This salt and pepper set is a great opportunity to practice your spindle-turning skills. Turning a spindle isn't difficult, and it requires only four different lathe tools. Here's woodturning expert Betty Scarpino's advice about each one.

Roughing Gouges are heavy-duty tools, manufactured to withstand the impact involved with the four rotating corners of square stock. If you've never used one, you're missing out on a splendid way to go from square to round. Simply hold the gouge on the toolrest and advance the cutting edge into the wood near the end of the stock, cutting gradually toward that end. Reduce the diameter of the wood until you achieve the desired dimension.

Spindle Gouges work great when they're sharpened with a long, steep bevel and a more pointed end in comparison to a bowl gouge. This type of edge profile allows for a clean cut and also enables you to get into tight areas between elements of the turned object. But, I'll confess that I sometimes get lazy and use a bowl gouge when 1 ought to use a spindle gouge. It's perfectly safe, but the bevel on a bowl gouge is at a shorter angle, which makes for a less grabby cut.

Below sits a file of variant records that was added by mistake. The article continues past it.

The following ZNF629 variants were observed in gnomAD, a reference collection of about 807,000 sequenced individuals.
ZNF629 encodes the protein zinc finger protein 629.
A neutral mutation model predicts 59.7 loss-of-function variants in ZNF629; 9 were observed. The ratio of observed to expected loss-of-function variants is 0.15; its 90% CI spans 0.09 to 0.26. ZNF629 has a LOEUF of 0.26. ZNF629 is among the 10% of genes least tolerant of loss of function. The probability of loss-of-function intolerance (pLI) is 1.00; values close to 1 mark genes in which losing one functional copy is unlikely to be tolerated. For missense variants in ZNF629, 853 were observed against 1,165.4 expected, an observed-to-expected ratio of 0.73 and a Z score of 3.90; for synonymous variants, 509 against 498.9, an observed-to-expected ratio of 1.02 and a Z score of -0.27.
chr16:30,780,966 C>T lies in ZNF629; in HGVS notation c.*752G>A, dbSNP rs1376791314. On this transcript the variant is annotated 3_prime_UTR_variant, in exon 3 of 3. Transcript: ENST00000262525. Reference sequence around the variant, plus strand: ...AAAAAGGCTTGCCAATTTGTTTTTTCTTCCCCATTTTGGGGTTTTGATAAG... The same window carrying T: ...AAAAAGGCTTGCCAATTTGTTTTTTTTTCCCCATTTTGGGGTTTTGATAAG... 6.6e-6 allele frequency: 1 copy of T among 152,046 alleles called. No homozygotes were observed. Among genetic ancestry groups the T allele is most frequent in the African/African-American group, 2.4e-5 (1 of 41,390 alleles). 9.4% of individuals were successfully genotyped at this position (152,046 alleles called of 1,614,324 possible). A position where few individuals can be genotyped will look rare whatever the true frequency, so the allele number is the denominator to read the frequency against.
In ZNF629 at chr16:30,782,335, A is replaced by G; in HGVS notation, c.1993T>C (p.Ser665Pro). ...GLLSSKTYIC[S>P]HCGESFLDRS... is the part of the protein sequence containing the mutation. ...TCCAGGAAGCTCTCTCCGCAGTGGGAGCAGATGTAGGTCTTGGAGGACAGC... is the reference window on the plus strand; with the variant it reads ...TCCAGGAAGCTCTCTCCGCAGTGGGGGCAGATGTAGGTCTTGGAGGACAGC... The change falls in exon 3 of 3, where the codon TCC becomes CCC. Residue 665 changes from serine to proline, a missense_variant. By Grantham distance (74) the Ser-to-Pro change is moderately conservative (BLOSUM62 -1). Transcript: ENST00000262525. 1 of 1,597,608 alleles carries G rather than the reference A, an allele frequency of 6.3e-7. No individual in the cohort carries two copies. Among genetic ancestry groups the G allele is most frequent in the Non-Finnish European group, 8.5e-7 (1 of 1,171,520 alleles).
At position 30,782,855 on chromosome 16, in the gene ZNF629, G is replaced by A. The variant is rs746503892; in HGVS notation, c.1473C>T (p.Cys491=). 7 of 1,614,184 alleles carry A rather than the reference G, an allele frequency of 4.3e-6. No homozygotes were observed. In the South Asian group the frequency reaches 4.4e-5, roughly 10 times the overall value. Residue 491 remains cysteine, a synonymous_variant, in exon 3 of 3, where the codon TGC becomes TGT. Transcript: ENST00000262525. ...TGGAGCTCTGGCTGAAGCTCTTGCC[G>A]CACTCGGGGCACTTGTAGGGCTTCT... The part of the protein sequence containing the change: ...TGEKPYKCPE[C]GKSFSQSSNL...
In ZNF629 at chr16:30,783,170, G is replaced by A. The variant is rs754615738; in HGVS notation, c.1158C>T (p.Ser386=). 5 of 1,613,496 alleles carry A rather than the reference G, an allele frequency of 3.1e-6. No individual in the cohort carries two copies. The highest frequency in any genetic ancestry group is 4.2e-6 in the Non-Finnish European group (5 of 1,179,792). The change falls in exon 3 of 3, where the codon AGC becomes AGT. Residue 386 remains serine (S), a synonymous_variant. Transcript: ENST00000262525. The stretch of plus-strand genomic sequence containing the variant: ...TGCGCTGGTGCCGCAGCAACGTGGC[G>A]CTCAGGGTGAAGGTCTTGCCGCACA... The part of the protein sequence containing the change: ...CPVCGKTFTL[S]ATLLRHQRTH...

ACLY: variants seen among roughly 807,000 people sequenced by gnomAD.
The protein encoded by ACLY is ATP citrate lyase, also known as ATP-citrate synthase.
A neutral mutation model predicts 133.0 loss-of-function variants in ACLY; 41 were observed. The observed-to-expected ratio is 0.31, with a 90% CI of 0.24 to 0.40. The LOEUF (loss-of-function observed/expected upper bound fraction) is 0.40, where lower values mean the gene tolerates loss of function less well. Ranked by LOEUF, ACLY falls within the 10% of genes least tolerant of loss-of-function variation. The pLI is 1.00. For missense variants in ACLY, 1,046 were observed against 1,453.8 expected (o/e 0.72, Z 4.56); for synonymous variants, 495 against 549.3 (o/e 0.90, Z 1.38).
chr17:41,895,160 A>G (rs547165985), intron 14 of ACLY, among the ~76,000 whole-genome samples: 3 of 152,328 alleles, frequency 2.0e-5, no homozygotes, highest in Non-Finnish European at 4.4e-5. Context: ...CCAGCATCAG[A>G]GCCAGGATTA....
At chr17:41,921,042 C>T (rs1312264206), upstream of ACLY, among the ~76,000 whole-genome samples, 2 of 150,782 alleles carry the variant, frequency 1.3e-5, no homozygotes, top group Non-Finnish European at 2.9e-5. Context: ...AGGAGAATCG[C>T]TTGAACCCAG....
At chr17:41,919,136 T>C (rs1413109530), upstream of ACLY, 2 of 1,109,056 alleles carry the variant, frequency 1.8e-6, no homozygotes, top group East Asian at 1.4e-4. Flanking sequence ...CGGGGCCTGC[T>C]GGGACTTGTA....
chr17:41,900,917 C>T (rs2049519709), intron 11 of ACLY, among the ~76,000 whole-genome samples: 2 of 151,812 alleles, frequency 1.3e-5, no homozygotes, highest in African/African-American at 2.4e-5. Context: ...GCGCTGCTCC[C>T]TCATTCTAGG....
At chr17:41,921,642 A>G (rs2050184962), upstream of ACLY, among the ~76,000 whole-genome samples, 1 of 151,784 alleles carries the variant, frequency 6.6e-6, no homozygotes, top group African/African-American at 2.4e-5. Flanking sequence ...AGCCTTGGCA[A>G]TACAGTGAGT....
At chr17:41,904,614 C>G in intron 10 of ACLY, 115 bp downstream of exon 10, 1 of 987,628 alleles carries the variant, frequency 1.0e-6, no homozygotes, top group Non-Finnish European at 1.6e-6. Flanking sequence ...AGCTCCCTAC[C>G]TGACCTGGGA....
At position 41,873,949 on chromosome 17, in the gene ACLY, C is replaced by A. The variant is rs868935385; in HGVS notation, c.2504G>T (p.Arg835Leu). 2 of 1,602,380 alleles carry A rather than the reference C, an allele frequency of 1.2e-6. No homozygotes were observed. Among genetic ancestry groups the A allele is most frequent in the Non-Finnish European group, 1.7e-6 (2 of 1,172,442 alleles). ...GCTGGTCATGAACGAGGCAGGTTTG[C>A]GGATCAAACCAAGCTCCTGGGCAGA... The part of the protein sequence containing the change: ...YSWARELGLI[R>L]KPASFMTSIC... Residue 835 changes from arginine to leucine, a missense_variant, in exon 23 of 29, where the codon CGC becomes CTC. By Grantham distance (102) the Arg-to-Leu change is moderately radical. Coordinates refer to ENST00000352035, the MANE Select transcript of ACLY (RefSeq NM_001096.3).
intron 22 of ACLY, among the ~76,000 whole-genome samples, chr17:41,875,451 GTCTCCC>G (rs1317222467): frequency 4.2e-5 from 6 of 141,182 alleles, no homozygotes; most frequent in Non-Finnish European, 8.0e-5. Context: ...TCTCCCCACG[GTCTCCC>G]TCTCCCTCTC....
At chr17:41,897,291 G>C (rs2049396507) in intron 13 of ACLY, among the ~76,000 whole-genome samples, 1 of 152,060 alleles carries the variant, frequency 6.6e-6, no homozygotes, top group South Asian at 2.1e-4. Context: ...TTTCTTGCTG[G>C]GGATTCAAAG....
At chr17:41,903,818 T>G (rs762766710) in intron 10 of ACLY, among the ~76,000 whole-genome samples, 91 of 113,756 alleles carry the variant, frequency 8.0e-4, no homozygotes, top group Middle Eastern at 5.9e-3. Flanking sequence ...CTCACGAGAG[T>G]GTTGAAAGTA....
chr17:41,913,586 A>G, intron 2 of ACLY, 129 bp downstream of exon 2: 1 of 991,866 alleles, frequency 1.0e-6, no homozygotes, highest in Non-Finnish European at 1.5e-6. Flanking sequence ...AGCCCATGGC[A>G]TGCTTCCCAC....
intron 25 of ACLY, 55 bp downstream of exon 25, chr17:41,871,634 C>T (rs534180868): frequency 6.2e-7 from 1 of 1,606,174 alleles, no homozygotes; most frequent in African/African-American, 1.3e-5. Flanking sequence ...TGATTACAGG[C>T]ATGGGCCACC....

Skew Chisels: If what you are making requires an abrupt division between square stock and round stock, here's where a skew chisel is a necessity. Use either the heel or the toe of

Parting Tool — Roughing Gouge Spindle Gouge Skew Chisel the skew to cut into the square stock. Arch the tool into the wood and begin with light, small cuts. When using the skew chisel, remember that there are potentially four cutting edges and four bevels. When you are using one edge, stay away from the other three or you'll surely catch the wood!

Parting Tools are actually not for parting the wood off the lathe but for parting through the wood to mark a specific diameter. They are often used in conjunction with calipers, preset to measure a correct diameter. Parting tools are straightforward to use. Simply arch them into the wood and push gently. They do the cutting work almost automatically

-Size Drawings

When you're ready to drill the cores, a wooden handscrew clamp will help keep the mill from spinning during drilling as well as align the workplece for an accurate through hole.